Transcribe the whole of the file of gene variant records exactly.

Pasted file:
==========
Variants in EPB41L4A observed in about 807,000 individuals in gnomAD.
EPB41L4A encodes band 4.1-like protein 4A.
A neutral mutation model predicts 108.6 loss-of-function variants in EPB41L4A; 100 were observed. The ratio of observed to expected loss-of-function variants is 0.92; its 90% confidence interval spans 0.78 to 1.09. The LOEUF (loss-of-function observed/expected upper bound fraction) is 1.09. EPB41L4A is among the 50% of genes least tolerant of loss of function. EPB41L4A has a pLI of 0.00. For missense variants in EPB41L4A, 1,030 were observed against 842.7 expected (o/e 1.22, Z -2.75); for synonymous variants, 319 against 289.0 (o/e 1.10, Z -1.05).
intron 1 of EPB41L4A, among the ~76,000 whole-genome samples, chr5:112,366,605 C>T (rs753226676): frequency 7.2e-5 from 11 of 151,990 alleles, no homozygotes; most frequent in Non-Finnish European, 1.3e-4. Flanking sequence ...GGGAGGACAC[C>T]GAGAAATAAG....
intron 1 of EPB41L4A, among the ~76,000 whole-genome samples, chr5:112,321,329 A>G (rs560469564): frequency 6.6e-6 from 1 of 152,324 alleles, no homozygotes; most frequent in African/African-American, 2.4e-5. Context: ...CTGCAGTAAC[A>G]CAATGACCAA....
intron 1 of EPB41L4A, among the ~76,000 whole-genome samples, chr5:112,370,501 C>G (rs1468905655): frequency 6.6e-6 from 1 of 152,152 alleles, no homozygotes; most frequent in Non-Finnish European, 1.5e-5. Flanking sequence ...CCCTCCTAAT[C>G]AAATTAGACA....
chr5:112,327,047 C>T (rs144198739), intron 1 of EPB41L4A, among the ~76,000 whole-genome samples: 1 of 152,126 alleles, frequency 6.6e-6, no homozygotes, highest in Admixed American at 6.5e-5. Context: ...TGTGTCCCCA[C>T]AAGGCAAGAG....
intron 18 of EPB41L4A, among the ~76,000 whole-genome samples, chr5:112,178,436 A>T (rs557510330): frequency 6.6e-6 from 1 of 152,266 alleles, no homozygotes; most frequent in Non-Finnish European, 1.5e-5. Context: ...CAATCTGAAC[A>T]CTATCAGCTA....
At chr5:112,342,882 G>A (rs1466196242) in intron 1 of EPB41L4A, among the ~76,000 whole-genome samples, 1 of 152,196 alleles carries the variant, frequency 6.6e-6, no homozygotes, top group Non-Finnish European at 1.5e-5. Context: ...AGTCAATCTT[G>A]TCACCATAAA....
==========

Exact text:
Variants in EPB41L4A observed in about 807,000 individuals in gnomAD.
EPB41L4A encodes band 4.1-like protein 4A.
A neutral mutation model predicts 108.6 loss-of-function variants in EPB41L4A; 100 were observed. The ratio of observed to expected loss-of-function variants is 0.92; its 90% confidence interval spans 0.78 to 1.09. The LOEUF (loss-of-function observed/expected upper bound fraction) is 1.09. EPB41L4A is among the 50% of genes least tolerant of loss of function. EPB41L4A has a pLI of 0.00. For missense variants in EPB41L4A, 1,030 were observed against 842.7 expected (o/e 1.22, Z -2.75); for synonymous variants, 319 against 289.0 (o/e 1.10, Z -1.05).
intron 1 of EPB41L4A, among the ~76,000 whole-genome samples, chr5:112,366,605 C>T (rs753226676): frequency 7.2e-5 from 11 of 151,990 alleles, no homozygotes; most frequent in Non-Finnish European, 1.3e-4. Flanking sequence ...GGGAGGACAC[C>T]GAGAAATAAG....
intron 1 of EPB41L4A, among the ~76,000 whole-genome samples, chr5:112,321,329 A>G (rs560469564): frequency 6.6e-6 from 1 of 152,324 alleles, no homozygotes; most frequent in African/African-American, 2.4e-5. Context: ...CTGCAGTAAC[A>G]CAATGACCAA....
intron 1 of EPB41L4A, among the ~76,000 whole-genome samples, chr5:112,370,501 C>G (rs1468905655): frequency 6.6e-6 from 1 of 152,152 alleles, no homozygotes; most frequent in Non-Finnish European, 1.5e-5. Flanking sequence ...CCCTCCTAAT[C>G]AAATTAGACA....
chr5:112,327,047 C>T (rs144198739), intron 1 of EPB41L4A, among the ~76,000 whole-genome samples: 1 of 152,126 alleles, frequency 6.6e-6, no homozygotes, highest in Admixed American at 6.5e-5. Context: ...TGTGTCCCCA[C>T]AAGGCAAGAG....
intron 18 of EPB41L4A, among the ~76,000 whole-genome samples, chr5:112,178,436 A>T (rs557510330): frequency 6.6e-6 from 1 of 152,266 alleles, no homozygotes; most frequent in Non-Finnish European, 1.5e-5. Context: ...CAATCTGAAC[A>T]CTATCAGCTA....
At chr5:112,342,882 G>A (rs1466196242) in intron 1 of EPB41L4A, among the ~76,000 whole-genome samples, 1 of 152,196 alleles carries the variant, frequency 6.6e-6, no homozygotes, top group Non-Finnish European at 1.5e-5. Context: ...AGTCAATCTT[G>A]TCACCATAAA....